As someone who has grown up surrounded by hills, beautiful views and lush native bush, I thought I knew what I was in for in terms of landscape going into this cadetship despite having spent only a few brief moments in the Australian Alps and barely at all in Summer. I anticipated the beauty, but driving up that endlessly winding road, although reminiscent of the one I grew up on, I realised I had not prepared for just how wondrously captivated I would become over the next five weeks as a cadet with the Research Centre for Applied Alpine Ecology.
The remarkable beauty of the alps added a sense of magic to my entire experience. From long days collecting data for fascinating projects, to shared meals at sunset with some of the most intriguing and quirky (in the best way) people I’ve ever met, to stomping around looking for very discreetly marked plots and weeding Hypochaeris. It was truly extraordinary and influential for me and I am so grateful to have had this opportunity.
I was inspired by every person I met, their passion, knowledge and love for what they do combined with their openness and desire to share that with anyone keen to listen created such a positive environment to learn in. I learnt so many things this summer that it wouldn’t be possible to include them all, but I think one of the most valuable things I learnt was to always ask questions, regardless of whether you’ve asked the same thing 20 times before… usually a bizarre species name. I also learnt the importance of being adaptable when a study design wasn’t suitable or wasn’t going to plan and how crucial a good data sheet can be. This I learnt the hard way, ruling page after page and trying to follow pages crammed with tiny numbers without getting lost.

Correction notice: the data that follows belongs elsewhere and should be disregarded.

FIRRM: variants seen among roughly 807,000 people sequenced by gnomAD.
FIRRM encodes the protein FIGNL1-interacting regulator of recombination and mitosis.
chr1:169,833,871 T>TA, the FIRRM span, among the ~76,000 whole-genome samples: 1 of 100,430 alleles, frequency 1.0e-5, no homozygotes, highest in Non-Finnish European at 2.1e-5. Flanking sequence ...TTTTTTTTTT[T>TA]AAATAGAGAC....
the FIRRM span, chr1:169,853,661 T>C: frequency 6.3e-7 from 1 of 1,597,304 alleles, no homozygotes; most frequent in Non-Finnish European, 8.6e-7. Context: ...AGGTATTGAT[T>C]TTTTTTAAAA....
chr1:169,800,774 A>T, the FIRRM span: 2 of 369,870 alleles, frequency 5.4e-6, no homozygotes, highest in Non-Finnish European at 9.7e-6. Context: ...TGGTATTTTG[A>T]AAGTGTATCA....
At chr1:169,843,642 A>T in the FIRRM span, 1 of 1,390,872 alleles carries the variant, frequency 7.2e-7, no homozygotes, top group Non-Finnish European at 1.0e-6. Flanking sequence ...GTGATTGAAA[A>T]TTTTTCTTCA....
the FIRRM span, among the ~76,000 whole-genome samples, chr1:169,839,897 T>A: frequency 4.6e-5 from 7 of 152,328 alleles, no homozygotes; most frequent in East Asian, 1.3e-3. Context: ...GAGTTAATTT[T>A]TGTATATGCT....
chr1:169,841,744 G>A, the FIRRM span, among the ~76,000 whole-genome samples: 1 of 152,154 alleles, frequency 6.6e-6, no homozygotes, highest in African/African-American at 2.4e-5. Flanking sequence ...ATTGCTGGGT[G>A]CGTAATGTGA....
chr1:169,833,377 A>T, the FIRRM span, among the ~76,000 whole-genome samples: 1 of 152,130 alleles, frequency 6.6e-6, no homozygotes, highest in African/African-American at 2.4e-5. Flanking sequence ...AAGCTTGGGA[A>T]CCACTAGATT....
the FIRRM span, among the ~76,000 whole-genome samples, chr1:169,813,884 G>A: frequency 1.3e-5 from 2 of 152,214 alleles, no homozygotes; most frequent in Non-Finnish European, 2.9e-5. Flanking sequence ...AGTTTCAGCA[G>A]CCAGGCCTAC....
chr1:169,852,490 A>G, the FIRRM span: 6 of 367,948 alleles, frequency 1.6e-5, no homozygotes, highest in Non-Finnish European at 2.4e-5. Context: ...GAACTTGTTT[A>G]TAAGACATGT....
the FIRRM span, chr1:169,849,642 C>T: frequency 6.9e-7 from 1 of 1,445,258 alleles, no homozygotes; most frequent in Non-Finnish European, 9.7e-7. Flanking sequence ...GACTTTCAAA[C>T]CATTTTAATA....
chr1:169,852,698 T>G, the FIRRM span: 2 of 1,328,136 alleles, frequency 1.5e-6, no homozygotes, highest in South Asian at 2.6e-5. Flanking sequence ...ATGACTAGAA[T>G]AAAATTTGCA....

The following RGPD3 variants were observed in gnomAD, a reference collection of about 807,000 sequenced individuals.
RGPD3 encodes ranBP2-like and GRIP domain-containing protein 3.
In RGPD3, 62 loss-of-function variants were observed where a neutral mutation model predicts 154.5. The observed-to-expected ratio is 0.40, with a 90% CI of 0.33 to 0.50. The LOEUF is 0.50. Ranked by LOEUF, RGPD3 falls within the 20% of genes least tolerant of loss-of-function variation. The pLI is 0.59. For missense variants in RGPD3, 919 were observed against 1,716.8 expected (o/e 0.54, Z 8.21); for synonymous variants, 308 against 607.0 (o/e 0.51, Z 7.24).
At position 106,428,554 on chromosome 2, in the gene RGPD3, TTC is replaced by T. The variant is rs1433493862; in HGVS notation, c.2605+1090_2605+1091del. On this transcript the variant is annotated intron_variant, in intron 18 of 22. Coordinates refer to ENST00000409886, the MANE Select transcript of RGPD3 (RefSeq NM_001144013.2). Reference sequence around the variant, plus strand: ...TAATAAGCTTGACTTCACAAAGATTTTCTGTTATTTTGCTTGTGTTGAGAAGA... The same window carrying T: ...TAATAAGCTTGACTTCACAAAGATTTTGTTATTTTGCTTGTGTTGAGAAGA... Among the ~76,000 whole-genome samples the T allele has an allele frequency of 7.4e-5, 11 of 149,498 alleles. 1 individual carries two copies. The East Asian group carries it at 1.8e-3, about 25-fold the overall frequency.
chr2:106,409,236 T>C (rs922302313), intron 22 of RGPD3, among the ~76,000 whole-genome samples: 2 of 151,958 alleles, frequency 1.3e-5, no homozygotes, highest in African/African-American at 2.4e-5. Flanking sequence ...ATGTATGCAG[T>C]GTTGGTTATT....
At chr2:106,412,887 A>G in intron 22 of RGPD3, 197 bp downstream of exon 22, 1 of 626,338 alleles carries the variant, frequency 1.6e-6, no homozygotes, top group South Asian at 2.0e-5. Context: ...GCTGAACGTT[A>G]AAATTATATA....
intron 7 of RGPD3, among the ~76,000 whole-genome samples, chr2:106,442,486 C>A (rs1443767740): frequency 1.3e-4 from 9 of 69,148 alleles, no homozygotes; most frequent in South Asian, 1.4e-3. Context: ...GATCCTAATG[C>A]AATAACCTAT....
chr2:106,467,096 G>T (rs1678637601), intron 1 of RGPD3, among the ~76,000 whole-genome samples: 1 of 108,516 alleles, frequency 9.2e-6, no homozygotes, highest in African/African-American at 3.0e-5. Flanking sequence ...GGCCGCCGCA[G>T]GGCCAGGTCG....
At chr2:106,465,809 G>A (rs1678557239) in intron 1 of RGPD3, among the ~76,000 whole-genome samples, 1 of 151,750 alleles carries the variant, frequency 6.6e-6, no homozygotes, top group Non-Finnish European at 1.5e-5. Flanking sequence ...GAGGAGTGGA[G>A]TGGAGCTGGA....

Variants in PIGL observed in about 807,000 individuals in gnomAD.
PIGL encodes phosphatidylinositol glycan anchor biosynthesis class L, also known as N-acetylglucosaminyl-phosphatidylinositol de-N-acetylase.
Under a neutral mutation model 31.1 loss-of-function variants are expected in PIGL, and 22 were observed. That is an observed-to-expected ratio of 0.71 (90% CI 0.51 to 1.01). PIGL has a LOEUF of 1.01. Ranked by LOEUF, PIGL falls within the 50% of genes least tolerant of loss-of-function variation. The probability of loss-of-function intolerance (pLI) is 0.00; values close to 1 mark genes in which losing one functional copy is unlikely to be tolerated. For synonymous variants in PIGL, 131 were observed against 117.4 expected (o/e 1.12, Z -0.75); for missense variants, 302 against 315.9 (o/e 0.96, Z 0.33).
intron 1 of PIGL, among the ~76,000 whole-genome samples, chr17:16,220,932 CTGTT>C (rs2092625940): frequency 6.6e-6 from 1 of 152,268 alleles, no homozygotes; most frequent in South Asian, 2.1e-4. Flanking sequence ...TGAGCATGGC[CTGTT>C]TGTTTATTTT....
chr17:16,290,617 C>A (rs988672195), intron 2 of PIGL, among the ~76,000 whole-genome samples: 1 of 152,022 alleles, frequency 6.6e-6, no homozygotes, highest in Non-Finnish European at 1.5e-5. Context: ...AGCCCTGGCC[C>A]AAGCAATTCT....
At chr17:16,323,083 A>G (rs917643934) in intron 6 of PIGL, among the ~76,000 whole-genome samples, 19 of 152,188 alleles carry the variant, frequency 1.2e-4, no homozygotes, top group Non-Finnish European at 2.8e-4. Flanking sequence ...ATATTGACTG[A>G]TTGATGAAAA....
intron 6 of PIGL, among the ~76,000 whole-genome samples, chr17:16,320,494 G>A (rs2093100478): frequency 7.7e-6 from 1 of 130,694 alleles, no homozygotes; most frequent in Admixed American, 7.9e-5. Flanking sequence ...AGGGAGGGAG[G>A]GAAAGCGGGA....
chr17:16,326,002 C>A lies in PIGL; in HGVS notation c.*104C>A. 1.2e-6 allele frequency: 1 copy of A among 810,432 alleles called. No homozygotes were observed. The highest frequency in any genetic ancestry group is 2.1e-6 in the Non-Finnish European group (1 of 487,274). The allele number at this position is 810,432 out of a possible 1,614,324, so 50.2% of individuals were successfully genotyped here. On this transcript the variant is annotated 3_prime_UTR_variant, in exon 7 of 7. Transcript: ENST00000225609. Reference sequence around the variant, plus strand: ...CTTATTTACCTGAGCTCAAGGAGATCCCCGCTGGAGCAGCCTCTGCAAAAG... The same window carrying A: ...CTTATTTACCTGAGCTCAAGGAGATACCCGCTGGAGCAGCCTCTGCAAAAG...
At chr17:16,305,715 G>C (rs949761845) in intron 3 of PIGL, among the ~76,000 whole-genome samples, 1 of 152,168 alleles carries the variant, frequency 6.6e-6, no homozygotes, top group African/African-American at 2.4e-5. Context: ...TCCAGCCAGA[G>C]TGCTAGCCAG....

Another incredible thing I learned was what it is really like to be a researcher, something that I have always been interested in but honestly never thought I would have the opportunity to do. This was really eye opening for me. I always thought that I would love it, and boy was I right. The interactions, intelligence, dedication and genuine fun I observed from this lifestyle was infectious. As a mature age student who swayed from course to course in the past and really struggled with knowing what I wanted to do, this cadetship brought me a sense of clarity and direction that I hadn’t experience before. Although as expected, there were times when I was thoroughly exhausted and even went a little crazy, I quickly realised that this was a quality I shared with my alpine community.
I worked on several different projects, most of which were part of long-term ecological research studies concerned with different aspects of how the alps are changing over time. Some of the main projects being surveys of snow-patches, significant wetlands, populations of invasive weeds and rare species. While data entry and collection are ongoing and analysis is yet to be done, I am enthralled to see what the data we collected tells about the processes happening in this environment, and to get back out there and do whatever I can to help protect this captivating place.
See you soon alps!
– Suzie Moss